Ushaka, Ūṣaka: 5 definitions


Ushaka means something in Hinduism, Sanskrit. If you want to know the exact meaning, history, etymology or English translation of this term then check out the descriptions on this page. Add your comment or reference to a book if you want to contribute to this summary article.

The Sanskrit term Ūṣaka can be transliterated into English as Usaka or Ushaka, using the IAST transliteration scheme (?).

In Hinduism

Ayurveda (science of life)

Source: Wisdom Library: Āyurveda and botany

Ūṣaka (ऊषक) is the Sanskrit technical term referring to “alkaline earth”, according to the Suśrutasaṃhitā sūtrasthāna XXXVIII, a classic work on Āyurveda.

Ayurveda book cover
context information

Āyurveda (आयुर्वेद, ayurveda) is a branch of Indian science dealing with medicine, herbalism, taxology, anatomy, surgery, alchemy and related topics. Traditional practice of Āyurveda in ancient India dates back to at least the first millenium BC. Literature is commonly written in Sanskrit using various poetic metres.

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Languages of India and abroad

Sanskrit-English dictionary

Source: DDSA: The practical Sanskrit-English dictionary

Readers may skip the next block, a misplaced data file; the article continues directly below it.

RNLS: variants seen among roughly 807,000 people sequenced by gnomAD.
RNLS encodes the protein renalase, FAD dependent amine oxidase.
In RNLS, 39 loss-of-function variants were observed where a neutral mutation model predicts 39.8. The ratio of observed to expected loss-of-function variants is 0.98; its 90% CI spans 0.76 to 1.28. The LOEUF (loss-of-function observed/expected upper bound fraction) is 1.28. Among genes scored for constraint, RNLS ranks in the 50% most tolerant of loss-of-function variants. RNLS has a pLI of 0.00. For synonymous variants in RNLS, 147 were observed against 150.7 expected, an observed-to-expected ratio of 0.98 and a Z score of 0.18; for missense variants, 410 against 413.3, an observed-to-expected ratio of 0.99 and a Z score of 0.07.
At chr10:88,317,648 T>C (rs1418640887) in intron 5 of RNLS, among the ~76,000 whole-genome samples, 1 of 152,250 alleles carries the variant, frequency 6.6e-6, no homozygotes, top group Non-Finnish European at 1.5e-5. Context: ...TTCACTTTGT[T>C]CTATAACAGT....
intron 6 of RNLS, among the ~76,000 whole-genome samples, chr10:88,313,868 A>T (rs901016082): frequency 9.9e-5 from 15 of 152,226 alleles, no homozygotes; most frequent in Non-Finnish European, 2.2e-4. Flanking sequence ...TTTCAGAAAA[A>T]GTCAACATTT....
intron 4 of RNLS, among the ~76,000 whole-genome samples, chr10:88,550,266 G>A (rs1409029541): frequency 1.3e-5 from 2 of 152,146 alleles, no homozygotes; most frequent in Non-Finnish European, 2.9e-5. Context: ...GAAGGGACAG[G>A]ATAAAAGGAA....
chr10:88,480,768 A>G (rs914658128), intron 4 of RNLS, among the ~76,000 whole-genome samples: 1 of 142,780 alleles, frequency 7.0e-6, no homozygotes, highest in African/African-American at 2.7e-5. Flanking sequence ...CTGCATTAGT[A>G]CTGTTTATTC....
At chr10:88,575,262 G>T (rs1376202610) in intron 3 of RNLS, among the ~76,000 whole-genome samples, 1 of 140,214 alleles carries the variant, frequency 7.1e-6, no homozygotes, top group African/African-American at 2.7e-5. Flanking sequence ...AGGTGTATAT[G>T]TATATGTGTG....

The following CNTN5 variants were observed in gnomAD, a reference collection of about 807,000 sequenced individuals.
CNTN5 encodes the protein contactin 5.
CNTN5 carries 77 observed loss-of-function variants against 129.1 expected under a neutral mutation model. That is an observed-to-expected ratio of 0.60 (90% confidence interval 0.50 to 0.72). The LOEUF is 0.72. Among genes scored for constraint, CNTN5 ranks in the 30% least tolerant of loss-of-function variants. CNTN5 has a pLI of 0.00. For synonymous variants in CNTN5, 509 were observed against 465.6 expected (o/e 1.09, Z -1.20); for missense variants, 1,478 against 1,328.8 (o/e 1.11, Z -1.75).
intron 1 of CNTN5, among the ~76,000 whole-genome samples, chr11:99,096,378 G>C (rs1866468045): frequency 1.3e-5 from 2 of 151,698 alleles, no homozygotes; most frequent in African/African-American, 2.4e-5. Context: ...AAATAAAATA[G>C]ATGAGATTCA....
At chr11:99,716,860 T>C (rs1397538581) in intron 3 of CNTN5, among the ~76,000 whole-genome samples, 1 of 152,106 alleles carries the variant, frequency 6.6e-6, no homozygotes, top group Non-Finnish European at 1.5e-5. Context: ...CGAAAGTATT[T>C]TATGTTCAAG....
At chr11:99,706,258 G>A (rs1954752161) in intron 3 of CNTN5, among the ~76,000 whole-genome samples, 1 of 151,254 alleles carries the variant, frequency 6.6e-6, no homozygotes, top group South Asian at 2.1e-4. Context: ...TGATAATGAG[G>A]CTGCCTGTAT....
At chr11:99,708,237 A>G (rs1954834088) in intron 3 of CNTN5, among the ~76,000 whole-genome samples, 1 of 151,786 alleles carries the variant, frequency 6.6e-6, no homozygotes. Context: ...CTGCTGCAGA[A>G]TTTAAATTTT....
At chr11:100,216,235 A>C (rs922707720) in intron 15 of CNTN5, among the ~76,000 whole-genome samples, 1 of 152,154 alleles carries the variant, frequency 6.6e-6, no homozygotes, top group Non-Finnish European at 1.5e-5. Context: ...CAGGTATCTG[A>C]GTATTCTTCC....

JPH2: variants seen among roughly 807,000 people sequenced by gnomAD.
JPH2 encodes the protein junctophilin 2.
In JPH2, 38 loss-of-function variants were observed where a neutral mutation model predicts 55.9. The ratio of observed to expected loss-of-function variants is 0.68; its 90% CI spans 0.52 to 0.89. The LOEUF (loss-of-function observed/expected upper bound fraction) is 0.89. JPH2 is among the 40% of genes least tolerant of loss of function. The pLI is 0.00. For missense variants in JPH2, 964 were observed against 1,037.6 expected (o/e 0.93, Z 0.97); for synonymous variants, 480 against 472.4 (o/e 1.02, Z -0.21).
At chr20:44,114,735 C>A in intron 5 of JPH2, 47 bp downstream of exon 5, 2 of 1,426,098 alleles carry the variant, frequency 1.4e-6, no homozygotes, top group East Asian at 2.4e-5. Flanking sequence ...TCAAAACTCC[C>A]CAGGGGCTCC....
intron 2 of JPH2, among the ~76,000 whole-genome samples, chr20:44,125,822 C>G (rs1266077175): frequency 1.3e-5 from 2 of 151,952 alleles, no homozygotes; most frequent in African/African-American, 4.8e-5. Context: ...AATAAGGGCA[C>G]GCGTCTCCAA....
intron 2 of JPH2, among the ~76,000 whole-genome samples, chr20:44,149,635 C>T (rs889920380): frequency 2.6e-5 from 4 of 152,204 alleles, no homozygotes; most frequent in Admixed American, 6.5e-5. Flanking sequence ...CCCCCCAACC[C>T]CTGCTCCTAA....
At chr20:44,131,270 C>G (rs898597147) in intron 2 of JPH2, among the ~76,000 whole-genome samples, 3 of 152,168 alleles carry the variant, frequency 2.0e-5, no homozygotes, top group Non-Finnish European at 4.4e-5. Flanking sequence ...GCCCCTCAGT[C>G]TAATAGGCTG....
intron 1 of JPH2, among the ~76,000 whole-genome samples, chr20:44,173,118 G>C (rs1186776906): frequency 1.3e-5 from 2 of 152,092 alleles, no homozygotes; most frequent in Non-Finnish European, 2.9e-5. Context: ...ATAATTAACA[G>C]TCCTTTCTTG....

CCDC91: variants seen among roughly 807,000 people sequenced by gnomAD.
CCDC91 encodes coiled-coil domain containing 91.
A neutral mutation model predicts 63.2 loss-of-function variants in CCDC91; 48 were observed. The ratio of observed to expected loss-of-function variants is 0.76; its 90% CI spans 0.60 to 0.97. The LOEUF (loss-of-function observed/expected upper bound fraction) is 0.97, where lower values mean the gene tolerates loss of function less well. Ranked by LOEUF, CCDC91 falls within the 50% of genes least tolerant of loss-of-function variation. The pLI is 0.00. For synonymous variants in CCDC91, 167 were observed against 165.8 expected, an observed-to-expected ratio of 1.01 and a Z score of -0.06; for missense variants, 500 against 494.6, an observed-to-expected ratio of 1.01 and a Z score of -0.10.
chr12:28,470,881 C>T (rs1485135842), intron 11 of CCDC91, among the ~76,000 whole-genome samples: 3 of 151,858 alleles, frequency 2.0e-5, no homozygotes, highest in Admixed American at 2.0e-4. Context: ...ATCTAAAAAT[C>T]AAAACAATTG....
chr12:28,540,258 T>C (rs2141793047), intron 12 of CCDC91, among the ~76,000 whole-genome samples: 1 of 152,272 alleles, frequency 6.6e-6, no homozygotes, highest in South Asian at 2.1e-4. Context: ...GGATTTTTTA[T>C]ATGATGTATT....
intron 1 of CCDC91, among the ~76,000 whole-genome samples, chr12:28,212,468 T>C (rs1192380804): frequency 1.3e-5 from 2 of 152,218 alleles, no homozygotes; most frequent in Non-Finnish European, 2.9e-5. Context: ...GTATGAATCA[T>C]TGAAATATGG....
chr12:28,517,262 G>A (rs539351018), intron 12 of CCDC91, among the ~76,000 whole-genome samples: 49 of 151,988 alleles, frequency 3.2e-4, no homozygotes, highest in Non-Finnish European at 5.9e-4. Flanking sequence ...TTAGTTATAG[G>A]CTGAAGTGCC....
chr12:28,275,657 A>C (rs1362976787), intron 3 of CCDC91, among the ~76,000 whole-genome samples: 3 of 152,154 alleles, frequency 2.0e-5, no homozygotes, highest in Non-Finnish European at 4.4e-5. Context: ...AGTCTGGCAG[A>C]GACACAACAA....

Ūṣaka (ऊषक).—

1) Dawn, day-break.

2) Salt; pepper.

Derivable forms: ūṣakam (ऊषकम्).

Source: Cologne Digital Sanskrit Dictionaries: Shabda-Sagara Sanskrit-English Dictionary

Ūṣaka (ऊषक).—n.

(-kaṃ) Dawn, day-break. E. As before, kan added.

Source: Cologne Digital Sanskrit Dictionaries: Cappeller Sanskrit-English Dictionary

Ūṣaka (ऊषक).—[neuter] salt or pepper.

Source: Cologne Digital Sanskrit Dictionaries: Monier-Williams Sanskrit-English Dictionary

1) Ūṣaka (ऊषक):—[from ūṣa] n. salt or pepper, [Suśruta]

2) [v.s. ...] daybreak, dawn, [cf. Lexicographers, esp. such as amarasiṃha, halāyudha, hemacandra, etc.]

context information

Sanskrit, also spelled संस्कृतम् (saṃskṛtam), is an ancient language of India commonly seen as the grandmother of the Indo-European language family. Closely allied with Prakrit and Pali, Sanskrit is more exhaustive in both grammar and terms and has the most extensive collection of literature in the world, greatly surpassing its sister-languages Greek and Latin.

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